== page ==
Blueprints is a dice rolling, pattern building board game from Z-Man Games, originally released back in 2013. The game, by designer Yves Tourigny, sees 2 – 4 players become architects for around 30 minutes. Utilizing different coloured dice as materials, players construct structures based upon peculiar blueprints. However, is this game built on a solid foundation or does it all fall down? Let’s find out!
Each round of Blueprints involves players gaining 6 dice to combine together on top of their blueprint card. On a turn, players will choose one dice, based on colour and pip value from the central pool. Once a die is chosen they must add it somehow to their blueprint structure. Each card has a different structure to copy, with differing heights and spaces not to build on, all of which utilize all six dice for the round. Once a dice is placed they must draw a new, random die from the cloth bag and roll it before play continues to the next player.
When it comes to placement, on top of the no-build spaces designated on the blueprint cards, dice can only be placed on top of another if the pip value is equal or greater. This means if a space has a die with a pip value of 3 on it another die of any colour with value 3, 4, 5 or 6 could be placed on top. This opens up some strategy when taking dice, making sure low valued dice go on the ground layer of a structure. In addition, it makes it particularly interesting when it comes to choosing glass dice, more on this when we get to scoring.
There are two ways to gain victory points, all of which are collected at the end of the rounds. Depending on the dice used and if they have completed the structure indicated by the card players will gain scoring points, with victory points awarded for first, second and third scoring point wise in a round. While building the structure is type independent and awards a flat 6 scoring points, player can gain a lot of scoring points via using the right types of dice in the right places in their structures.
Green recyclable dice gain scoring points based upon the amount you’ve used; orange wood dice score 2 points per other dice adjacent to them, excluding diagonally; black stone dice score based upon their height and clear glass dice score based upon their pip values. It is best to remember that these are not directly victory points, instead they are trying to get you into the lead to claim gold, silver or bronze prizes for the round that award victory points.
The second way to score points will often see players disregarding the specific blueprints they are given. These point cards are awarded for a tower of 5 dice, 5 dice of the same colour in a structure, having pip values 1 through to 6 in the structure (face-up) or four dice showing the same value, with two of each award available. The individual rounds are all played the same however players start each with a new blueprint card. At the end of the game the victory points earnt are summed and the winner determined.
Right out of the gate it is important to note I’d only feel happy getting Blueprints to the table with player whom are confident with some quick mental maths. Players whom struggle with maths can feel pressured to quickly sum values together, detracting from their experience. In addition to this the scoring can take a lot of time, even though there are only 4 different types of dice that score differently. It can also confuse players when you explain the difference between scoring points and victory points, something that only further complicates the matter. Therefore, being comfortable with some mental maths makes the experience flow that bit better.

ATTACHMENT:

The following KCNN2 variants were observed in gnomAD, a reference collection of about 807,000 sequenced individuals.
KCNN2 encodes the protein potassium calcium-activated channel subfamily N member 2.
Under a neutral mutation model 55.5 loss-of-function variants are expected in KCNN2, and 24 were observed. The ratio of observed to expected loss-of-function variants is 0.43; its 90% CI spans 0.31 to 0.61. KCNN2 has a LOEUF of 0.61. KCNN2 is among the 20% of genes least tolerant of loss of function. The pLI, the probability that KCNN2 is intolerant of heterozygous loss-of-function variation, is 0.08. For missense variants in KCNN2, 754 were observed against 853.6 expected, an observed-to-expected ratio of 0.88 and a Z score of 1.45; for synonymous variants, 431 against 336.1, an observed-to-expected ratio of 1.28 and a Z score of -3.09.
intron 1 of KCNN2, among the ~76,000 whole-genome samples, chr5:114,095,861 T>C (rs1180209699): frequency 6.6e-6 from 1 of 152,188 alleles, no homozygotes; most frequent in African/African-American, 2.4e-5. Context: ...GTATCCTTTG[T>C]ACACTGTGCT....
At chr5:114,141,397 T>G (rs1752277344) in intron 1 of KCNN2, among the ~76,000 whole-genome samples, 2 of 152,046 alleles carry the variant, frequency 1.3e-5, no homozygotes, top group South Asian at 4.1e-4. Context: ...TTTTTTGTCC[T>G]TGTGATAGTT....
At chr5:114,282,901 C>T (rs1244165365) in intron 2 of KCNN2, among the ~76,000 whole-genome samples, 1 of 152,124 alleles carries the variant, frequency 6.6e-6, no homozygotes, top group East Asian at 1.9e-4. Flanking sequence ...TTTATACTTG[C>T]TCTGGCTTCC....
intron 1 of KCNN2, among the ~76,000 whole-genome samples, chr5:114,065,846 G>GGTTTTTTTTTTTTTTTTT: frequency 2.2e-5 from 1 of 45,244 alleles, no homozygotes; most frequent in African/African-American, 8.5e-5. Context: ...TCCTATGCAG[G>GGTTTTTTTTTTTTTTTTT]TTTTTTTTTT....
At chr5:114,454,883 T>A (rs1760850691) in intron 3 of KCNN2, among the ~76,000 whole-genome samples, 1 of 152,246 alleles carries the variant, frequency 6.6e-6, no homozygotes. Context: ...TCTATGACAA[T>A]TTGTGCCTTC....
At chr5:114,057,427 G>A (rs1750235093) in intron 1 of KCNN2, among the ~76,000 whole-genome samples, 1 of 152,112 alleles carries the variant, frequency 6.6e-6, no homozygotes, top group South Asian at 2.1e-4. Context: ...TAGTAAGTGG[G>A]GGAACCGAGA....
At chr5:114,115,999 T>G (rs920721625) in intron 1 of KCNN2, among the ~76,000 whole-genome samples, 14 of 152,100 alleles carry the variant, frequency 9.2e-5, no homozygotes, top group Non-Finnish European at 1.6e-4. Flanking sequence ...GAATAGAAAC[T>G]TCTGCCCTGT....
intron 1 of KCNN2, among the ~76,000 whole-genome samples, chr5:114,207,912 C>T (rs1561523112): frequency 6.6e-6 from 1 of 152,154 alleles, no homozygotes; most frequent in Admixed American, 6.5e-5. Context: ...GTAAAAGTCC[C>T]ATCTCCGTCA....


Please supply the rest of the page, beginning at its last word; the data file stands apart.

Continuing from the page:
Regardless, the flow of the gameplay often gets disrupted. Not for the common reasons of understanding rules of placement, these are quick and easy to pick up; neither is it due to the way the four types score differently. It is simply the unintuitive action of once a die is used getting another from the bag and rolling it. The reason this disrupts the game, especially with new players, is because when concentrating on placing a die, to maximise the points it scores, replacing it with another is easily forgotten. On top of this even if you remember there is a moment per turn of unnecessary downtime while the next player waits to see the full dice pool to choose from. Allowing the next player to randomly draw and roll a die, during the previous players placement phase, cuts this downtime out and therefore is a permanent house rule when I play, to limit the impact on the flow of the game. Think of it like the house rule of drawing a tile at the end of your turn in Carcassonne, that can cut minutes off the game length.
The production quality of Blueprints is perfectly decent, though isn’t exactly anything special. The cards are of good quality and do represent the blueprints clearly but like the rest of the components do little otherwise to inspire love for the title. The dice, that are also good quality, feel underused; being rarely rolled and used more as building blocks than things to satisfyingly clatter across a table. There just isn’t that special touch or unique component to draw plays to Blueprints.
Potentially this merely acceptable visual appeal sets the game off on the wrong foot but encouraging someone to play a family friendly style game is often made easier via the components. With solid but uninspiring components, Blueprints starts off as a good game and doesn’t really manage to elevate itself out of that position. The gameplay is enjoyable to play and if someone wanted to try the title I’d be more than happy to get it down from the shelf. Alas, it won’t be the first game to come to mind when trying to get someone excited about the hobby, nor will it be for those looking for a game with impactful decisions. Perhaps being a good game just isn’t enough.
[Editor’s Note: Blueprints was provided to us by Z-Man Games for review purposes.]